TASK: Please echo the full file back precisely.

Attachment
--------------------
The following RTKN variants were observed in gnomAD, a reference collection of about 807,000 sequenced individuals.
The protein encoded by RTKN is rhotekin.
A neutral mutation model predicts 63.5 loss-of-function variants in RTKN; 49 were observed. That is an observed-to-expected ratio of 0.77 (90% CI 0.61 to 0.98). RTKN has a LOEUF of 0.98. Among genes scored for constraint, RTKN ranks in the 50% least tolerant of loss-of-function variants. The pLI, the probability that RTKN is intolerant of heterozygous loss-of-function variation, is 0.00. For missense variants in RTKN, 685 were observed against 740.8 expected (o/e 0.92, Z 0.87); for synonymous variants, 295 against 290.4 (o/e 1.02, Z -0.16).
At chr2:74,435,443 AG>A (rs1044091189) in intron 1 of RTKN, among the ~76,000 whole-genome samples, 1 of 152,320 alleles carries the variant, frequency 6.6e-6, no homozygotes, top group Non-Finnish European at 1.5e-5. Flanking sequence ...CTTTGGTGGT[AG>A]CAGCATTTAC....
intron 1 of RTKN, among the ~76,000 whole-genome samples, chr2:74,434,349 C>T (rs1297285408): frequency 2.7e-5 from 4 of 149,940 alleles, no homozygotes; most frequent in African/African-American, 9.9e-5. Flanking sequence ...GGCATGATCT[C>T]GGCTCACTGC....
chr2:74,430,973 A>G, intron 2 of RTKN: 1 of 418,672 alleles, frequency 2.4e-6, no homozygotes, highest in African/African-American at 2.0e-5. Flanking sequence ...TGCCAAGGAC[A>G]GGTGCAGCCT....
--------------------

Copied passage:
The following RTKN variants were observed in gnomAD, a reference collection of about 807,000 sequenced individuals.
The protein encoded by RTKN is rhotekin.
A neutral mutation model predicts 63.5 loss-of-function variants in RTKN; 49 were observed. That is an observed-to-expected ratio of 0.77 (90% CI 0.61 to 0.98). RTKN has a LOEUF of 0.98. Among genes scored for constraint, RTKN ranks in the 50% least tolerant of loss-of-function variants. The pLI, the probability that RTKN is intolerant of heterozygous loss-of-function variation, is 0.00. For missense variants in RTKN, 685 were observed against 740.8 expected (o/e 0.92, Z 0.87); for synonymous variants, 295 against 290.4 (o/e 1.02, Z -0.16).
At chr2:74,435,443 AG>A (rs1044091189) in intron 1 of RTKN, among the ~76,000 whole-genome samples, 1 of 152,320 alleles carries the variant, frequency 6.6e-6, no homozygotes, top group Non-Finnish European at 1.5e-5. Flanking sequence ...CTTTGGTGGT[AG>A]CAGCATTTAC....
intron 1 of RTKN, among the ~76,000 whole-genome samples, chr2:74,434,349 C>T (rs1297285408): frequency 2.7e-5 from 4 of 149,940 alleles, no homozygotes; most frequent in African/African-American, 9.9e-5. Flanking sequence ...GGCATGATCT[C>T]GGCTCACTGC....
chr2:74,430,973 A>G, intron 2 of RTKN: 1 of 418,672 alleles, frequency 2.4e-6, no homozygotes, highest in African/African-American at 2.0e-5. Flanking sequence ...TGCCAAGGAC[A>G]GGTGCAGCCT....